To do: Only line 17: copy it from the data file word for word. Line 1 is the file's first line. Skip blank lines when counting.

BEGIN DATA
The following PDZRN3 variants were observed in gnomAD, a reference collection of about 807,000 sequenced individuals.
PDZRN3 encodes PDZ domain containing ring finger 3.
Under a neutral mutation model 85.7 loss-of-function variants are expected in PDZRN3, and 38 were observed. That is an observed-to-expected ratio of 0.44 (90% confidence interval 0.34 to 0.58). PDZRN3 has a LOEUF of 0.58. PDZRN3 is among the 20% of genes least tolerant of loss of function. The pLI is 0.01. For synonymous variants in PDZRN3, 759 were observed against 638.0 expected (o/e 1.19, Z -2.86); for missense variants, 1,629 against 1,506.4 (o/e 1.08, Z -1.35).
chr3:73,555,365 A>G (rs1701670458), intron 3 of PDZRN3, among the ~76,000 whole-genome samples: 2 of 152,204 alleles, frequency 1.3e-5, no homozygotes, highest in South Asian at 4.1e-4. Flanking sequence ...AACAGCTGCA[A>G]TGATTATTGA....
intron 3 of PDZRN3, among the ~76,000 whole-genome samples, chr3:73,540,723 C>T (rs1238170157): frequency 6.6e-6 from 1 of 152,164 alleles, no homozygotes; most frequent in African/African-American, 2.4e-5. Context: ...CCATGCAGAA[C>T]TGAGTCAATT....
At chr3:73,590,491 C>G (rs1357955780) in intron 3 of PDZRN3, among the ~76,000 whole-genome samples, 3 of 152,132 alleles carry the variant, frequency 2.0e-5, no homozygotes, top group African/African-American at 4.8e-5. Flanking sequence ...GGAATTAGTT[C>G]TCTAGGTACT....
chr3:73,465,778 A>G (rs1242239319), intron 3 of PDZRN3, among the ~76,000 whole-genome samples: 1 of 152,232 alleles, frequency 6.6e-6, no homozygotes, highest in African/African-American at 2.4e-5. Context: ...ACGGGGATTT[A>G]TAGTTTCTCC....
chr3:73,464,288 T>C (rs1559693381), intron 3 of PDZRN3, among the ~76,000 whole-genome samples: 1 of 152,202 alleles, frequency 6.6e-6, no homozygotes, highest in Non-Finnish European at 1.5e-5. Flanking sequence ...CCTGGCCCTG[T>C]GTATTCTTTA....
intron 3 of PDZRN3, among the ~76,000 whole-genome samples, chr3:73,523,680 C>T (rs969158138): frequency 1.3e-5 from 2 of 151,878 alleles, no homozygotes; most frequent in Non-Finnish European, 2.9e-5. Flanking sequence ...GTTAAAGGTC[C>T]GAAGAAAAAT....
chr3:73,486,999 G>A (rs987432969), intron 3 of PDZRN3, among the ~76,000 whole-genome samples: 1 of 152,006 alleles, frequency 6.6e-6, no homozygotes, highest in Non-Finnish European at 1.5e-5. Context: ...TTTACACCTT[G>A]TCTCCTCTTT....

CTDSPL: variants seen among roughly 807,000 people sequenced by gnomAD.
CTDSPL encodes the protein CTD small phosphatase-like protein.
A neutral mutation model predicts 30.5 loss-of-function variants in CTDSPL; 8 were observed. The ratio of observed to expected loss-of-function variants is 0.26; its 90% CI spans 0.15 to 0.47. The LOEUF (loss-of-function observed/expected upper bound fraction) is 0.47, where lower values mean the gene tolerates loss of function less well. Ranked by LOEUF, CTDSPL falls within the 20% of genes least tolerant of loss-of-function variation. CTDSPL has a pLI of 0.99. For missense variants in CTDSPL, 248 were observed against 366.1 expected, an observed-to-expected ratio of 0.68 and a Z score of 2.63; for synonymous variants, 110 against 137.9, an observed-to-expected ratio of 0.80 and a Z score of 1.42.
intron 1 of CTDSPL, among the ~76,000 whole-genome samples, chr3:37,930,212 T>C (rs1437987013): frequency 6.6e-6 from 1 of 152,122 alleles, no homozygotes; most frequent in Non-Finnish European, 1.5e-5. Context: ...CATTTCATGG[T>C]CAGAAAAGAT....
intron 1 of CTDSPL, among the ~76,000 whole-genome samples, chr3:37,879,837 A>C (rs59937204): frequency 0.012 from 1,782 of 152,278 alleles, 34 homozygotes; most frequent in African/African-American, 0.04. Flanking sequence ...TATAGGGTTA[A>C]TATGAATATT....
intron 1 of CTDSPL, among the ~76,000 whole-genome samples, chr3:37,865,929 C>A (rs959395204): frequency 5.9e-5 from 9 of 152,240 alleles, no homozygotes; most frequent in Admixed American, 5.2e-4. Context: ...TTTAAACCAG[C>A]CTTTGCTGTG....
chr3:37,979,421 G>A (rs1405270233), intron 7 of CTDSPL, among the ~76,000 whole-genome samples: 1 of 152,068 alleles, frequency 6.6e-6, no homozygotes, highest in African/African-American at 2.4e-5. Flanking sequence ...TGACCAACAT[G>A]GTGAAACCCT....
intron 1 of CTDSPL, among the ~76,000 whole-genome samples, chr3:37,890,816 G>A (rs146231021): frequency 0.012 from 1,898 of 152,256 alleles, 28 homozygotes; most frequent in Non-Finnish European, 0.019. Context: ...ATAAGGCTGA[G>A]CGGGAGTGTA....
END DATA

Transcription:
chr3:37,979,421 G>A (rs1405270233), intron 7 of CTDSPL, among the ~76,000 whole-genome samples: 1 of 152,068 alleles, frequency 6.6e-6, no homozygotes, highest in African/African-American at 2.4e-5. Flanking sequence ...TGACCAACAT[G>A]GTGAAACCCT....